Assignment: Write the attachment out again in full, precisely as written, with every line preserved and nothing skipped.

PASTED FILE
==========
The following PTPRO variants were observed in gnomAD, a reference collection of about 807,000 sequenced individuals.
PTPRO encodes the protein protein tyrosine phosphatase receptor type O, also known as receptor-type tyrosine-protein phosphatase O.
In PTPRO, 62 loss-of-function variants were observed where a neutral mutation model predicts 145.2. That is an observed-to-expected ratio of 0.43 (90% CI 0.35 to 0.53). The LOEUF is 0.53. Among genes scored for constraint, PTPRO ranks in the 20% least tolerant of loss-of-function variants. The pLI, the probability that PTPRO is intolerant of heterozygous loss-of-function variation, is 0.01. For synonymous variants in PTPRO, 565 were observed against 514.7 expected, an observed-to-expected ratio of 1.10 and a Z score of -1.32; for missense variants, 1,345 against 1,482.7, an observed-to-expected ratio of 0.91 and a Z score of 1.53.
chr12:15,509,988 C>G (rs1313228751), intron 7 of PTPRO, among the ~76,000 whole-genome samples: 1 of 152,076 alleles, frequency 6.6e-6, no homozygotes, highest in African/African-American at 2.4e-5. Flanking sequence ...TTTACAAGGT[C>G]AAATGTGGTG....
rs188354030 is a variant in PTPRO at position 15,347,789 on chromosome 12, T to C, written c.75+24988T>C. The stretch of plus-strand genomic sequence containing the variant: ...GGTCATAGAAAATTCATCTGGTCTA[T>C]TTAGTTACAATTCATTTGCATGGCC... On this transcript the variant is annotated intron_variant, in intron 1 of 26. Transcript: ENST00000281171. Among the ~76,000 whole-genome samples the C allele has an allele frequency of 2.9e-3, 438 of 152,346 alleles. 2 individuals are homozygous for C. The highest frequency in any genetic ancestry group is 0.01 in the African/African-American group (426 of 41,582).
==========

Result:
The following PTPRO variants were observed in gnomAD, a reference collection of about 807,000 sequenced individuals.
PTPRO encodes the protein protein tyrosine phosphatase receptor type O, also known as receptor-type tyrosine-protein phosphatase O.
In PTPRO, 62 loss-of-function variants were observed where a neutral mutation model predicts 145.2. That is an observed-to-expected ratio of 0.43 (90% CI 0.35 to 0.53). The LOEUF is 0.53. Among genes scored for constraint, PTPRO ranks in the 20% least tolerant of loss-of-function variants. The pLI, the probability that PTPRO is intolerant of heterozygous loss-of-function variation, is 0.01. For synonymous variants in PTPRO, 565 were observed against 514.7 expected, an observed-to-expected ratio of 1.10 and a Z score of -1.32; for missense variants, 1,345 against 1,482.7, an observed-to-expected ratio of 0.91 and a Z score of 1.53.
chr12:15,509,988 C>G (rs1313228751), intron 7 of PTPRO, among the ~76,000 whole-genome samples: 1 of 152,076 alleles, frequency 6.6e-6, no homozygotes, highest in African/African-American at 2.4e-5. Flanking sequence ...TTTACAAGGT[C>G]AAATGTGGTG....
rs188354030 is a variant in PTPRO at position 15,347,789 on chromosome 12, T to C, written c.75+24988T>C. The stretch of plus-strand genomic sequence containing the variant: ...GGTCATAGAAAATTCATCTGGTCTA[T>C]TTAGTTACAATTCATTTGCATGGCC... On this transcript the variant is annotated intron_variant, in intron 1 of 26. Transcript: ENST00000281171. Among the ~76,000 whole-genome samples the C allele has an allele frequency of 2.9e-3, 438 of 152,346 alleles. 2 individuals are homozygous for C. The highest frequency in any genetic ancestry group is 0.01 in the African/African-American group (426 of 41,582).